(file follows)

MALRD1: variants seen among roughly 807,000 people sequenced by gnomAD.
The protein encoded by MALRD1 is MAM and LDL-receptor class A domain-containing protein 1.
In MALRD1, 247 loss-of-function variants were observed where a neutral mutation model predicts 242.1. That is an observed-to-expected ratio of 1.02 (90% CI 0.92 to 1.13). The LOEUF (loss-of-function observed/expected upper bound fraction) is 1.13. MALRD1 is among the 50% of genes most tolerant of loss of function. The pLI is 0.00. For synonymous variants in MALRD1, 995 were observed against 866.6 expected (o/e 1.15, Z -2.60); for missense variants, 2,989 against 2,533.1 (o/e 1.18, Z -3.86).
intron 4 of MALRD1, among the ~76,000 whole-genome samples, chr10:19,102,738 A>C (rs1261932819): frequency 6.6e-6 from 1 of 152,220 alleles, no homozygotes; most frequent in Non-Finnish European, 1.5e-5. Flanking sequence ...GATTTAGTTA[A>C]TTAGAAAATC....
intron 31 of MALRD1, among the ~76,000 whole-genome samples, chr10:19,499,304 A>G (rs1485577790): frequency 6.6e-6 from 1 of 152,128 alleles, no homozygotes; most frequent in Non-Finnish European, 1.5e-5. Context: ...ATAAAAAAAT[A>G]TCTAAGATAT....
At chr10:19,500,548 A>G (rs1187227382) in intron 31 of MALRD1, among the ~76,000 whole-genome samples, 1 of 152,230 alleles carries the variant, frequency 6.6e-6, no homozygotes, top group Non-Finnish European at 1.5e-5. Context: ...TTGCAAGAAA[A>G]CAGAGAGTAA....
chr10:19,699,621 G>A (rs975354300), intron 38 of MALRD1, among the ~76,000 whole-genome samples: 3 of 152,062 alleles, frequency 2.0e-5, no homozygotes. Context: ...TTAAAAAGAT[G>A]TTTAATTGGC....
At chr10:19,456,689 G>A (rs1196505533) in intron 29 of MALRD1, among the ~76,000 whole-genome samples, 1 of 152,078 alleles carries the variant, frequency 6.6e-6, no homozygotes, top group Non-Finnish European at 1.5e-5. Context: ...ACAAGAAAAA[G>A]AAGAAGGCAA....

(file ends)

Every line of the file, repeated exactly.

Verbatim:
MALRD1: variants seen among roughly 807,000 people sequenced by gnomAD.
The protein encoded by MALRD1 is MAM and LDL-receptor class A domain-containing protein 1.
In MALRD1, 247 loss-of-function variants were observed where a neutral mutation model predicts 242.1. That is an observed-to-expected ratio of 1.02 (90% CI 0.92 to 1.13). The LOEUF (loss-of-function observed/expected upper bound fraction) is 1.13. MALRD1 is among the 50% of genes most tolerant of loss of function. The pLI is 0.00. For synonymous variants in MALRD1, 995 were observed against 866.6 expected (o/e 1.15, Z -2.60); for missense variants, 2,989 against 2,533.1 (o/e 1.18, Z -3.86).
intron 4 of MALRD1, among the ~76,000 whole-genome samples, chr10:19,102,738 A>C (rs1261932819): frequency 6.6e-6 from 1 of 152,220 alleles, no homozygotes; most frequent in Non-Finnish European, 1.5e-5. Flanking sequence ...GATTTAGTTA[A>C]TTAGAAAATC....
intron 31 of MALRD1, among the ~76,000 whole-genome samples, chr10:19,499,304 A>G (rs1485577790): frequency 6.6e-6 from 1 of 152,128 alleles, no homozygotes; most frequent in Non-Finnish European, 1.5e-5. Context: ...ATAAAAAAAT[A>G]TCTAAGATAT....
At chr10:19,500,548 A>G (rs1187227382) in intron 31 of MALRD1, among the ~76,000 whole-genome samples, 1 of 152,230 alleles carries the variant, frequency 6.6e-6, no homozygotes, top group Non-Finnish European at 1.5e-5. Context: ...TTGCAAGAAA[A>G]CAGAGAGTAA....
chr10:19,699,621 G>A (rs975354300), intron 38 of MALRD1, among the ~76,000 whole-genome samples: 3 of 152,062 alleles, frequency 2.0e-5, no homozygotes. Context: ...TTAAAAAGAT[G>A]TTTAATTGGC....
At chr10:19,456,689 G>A (rs1196505533) in intron 29 of MALRD1, among the ~76,000 whole-genome samples, 1 of 152,078 alleles carries the variant, frequency 6.6e-6, no homozygotes, top group Non-Finnish European at 1.5e-5. Context: ...ACAAGAAAAA[G>A]AAGAAGGCAA....